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Closing rail link to Brussels Port 'completely absurd'
A legal challenge has been launched to save a vital railway link to the Port of Brussels - which will otherwise have to be dug up by the end of this year.
The requirement to dismantle the line has been described by one Brussels minister as "completely absurd" -as it would prevent freight trains from across Europe accessing Brussels' maritime hub, potentially adding an extra 3,300 trucks per week to the city's streets.
The story dates back to 2004, when the federal government approved a royal decree, ordering rail network operator Infrabel to shut down line 26A, a little branch line connecting Schaerbeek train depot to the port.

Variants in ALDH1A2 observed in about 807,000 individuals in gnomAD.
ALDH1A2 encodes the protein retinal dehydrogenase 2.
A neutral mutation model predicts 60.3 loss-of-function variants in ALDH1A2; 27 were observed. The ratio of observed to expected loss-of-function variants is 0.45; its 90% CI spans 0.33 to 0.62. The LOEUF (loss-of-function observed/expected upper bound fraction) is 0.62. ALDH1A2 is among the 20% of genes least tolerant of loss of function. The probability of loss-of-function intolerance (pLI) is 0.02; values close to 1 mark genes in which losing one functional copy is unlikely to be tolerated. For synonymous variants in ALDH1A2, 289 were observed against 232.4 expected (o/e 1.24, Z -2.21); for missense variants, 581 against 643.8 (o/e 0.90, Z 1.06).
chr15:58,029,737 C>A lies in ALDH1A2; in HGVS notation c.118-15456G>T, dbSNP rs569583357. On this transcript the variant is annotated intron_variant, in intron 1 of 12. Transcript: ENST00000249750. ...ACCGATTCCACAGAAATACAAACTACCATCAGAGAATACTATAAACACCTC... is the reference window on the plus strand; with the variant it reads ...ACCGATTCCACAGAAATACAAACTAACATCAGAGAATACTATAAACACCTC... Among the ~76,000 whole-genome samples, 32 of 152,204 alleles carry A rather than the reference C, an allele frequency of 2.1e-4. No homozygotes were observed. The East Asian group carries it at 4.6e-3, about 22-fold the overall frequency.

The decree was passed because the government had plans to build Belgium's new national football stadium on 40 hectares of land owned by the SNCB. The project was shelved a decade later, but the order to give up the land remains.
Fines for non-compliance are high. "We are talking about €7 million in financial penalties each year," said an Infrabel spokesman.
Federal mobility minister François Bellot said: "It proved impossible to find a compromise between the various parties. So now we are taking court action in Brussels to decide the outcome of this very complex case."
Alain Maron, the Brussels minister in charge of the Port of Brussels, said the case had "dragged on for too long, a bit like a runaway train that we cannot stop".
He said: "Dismantling this railway would be completely absurd. It is out of the question. Negotiations must succeed."